But here’s where it got interesting. I kept getting repeated calls from the same numbers – sometimes four within one minute. I get calls from particular numbers every night at about the same time. I got calls from fake numbers like “10000000000” or “16261346229”. That last one may not be obvious, but the first digit of an office code cannot be a 0 or 1. There’s no possible telephone number 134-6229 in the 626 area code. Now that my number is “protected”, I could even call the valid numbers back without worrying about tipping them off. When I did, I would get “Thank you for calling back. To be removed from our list…” or sometimes I would get a home-made “your call cannot be completed as dialed” message. Or sometimes just a fast busy or dead-air then disconnect. Obvious telemarketers.

So great, I’m blocking telemarketers and none are getting through, but I’m not causing them pain. I’m just blocking their dialing machine with my blocking machine. What if I send telemarketers to a greeting that says “hello” a few times, then tells them to hang on? Would that cause the predictive dialer to cut the agent through to me? If so, it would at least burn some “human time” and cost the telemarketing company some money, right? I tried it, and this was the result:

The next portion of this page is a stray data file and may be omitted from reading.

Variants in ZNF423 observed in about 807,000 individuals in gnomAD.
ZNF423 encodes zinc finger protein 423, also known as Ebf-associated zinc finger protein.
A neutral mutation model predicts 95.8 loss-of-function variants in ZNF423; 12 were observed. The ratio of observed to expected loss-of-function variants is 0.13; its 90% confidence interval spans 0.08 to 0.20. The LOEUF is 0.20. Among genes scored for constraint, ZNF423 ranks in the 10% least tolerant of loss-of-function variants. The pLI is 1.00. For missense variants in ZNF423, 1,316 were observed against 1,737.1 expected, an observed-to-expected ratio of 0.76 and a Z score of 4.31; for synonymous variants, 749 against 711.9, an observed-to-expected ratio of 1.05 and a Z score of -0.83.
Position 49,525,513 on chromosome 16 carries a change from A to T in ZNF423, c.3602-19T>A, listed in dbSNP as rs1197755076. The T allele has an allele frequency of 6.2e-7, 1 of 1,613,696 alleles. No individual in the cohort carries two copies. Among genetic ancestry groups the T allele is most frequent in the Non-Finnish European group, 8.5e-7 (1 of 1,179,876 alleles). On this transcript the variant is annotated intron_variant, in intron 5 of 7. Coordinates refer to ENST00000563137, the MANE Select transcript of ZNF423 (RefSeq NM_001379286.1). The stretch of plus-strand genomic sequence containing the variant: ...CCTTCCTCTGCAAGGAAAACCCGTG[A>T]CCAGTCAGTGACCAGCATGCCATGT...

Not bad! I wasted 41 seconds of her time! So clearly I can get my telephone system to fool the predictive dialer into thinking it found a real person. I figured if I could combine some “detect noise” and “detect silence” algorithms into this thing, could I keep them on the phone longer? And how would I do it without any kind of speech recognition? Could I really keep a telemarketer on the phone just by detecting noise and silence? It turns out I could:

I really have to say thanks to Sofia for this call. Ironically, I listened more closely to Sofia’s pitch (and so have my friends) than if I had just hung up on her at the beginning. But anyway, this gave me the confidence to build a more elaborate parrot. At this point, I have collected several dozen calls of various entertaining quality. I will post them individually. I hope you enjoy. Perhaps next post about this subject, I’ll get a bit more technical how the algorithm works.